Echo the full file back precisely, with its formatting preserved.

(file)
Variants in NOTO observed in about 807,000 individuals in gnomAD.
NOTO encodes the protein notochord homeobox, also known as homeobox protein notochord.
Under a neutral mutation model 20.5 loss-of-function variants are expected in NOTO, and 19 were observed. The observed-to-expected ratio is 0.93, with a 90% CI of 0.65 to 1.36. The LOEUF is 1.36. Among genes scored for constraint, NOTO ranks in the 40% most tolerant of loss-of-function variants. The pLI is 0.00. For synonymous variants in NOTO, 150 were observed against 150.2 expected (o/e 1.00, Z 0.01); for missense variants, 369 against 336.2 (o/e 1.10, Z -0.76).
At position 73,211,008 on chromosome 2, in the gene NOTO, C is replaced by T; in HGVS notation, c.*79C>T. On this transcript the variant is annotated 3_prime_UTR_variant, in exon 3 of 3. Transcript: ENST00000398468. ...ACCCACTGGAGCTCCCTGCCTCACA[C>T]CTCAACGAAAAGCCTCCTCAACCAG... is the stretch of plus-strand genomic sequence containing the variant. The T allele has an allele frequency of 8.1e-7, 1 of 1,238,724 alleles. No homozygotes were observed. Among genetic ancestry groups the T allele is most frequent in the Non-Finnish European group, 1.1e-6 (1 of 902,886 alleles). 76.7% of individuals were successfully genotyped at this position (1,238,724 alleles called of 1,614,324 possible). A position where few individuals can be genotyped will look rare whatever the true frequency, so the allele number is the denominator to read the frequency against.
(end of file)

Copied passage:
Variants in NOTO observed in about 807,000 individuals in gnomAD.
NOTO encodes the protein notochord homeobox, also known as homeobox protein notochord.
Under a neutral mutation model 20.5 loss-of-function variants are expected in NOTO, and 19 were observed. The observed-to-expected ratio is 0.93, with a 90% CI of 0.65 to 1.36. The LOEUF is 1.36. Among genes scored for constraint, NOTO ranks in the 40% most tolerant of loss-of-function variants. The pLI is 0.00. For synonymous variants in NOTO, 150 were observed against 150.2 expected (o/e 1.00, Z 0.01); for missense variants, 369 against 336.2 (o/e 1.10, Z -0.76).
At position 73,211,008 on chromosome 2, in the gene NOTO, C is replaced by T; in HGVS notation, c.*79C>T. On this transcript the variant is annotated 3_prime_UTR_variant, in exon 3 of 3. Transcript: ENST00000398468. ...ACCCACTGGAGCTCCCTGCCTCACA[C>T]CTCAACGAAAAGCCTCCTCAACCAG... is the stretch of plus-strand genomic sequence containing the variant. The T allele has an allele frequency of 8.1e-7, 1 of 1,238,724 alleles. No homozygotes were observed. Among genetic ancestry groups the T allele is most frequent in the Non-Finnish European group, 1.1e-6 (1 of 902,886 alleles). 76.7% of individuals were successfully genotyped at this position (1,238,724 alleles called of 1,614,324 possible). A position where few individuals can be genotyped will look rare whatever the true frequency, so the allele number is the denominator to read the frequency against.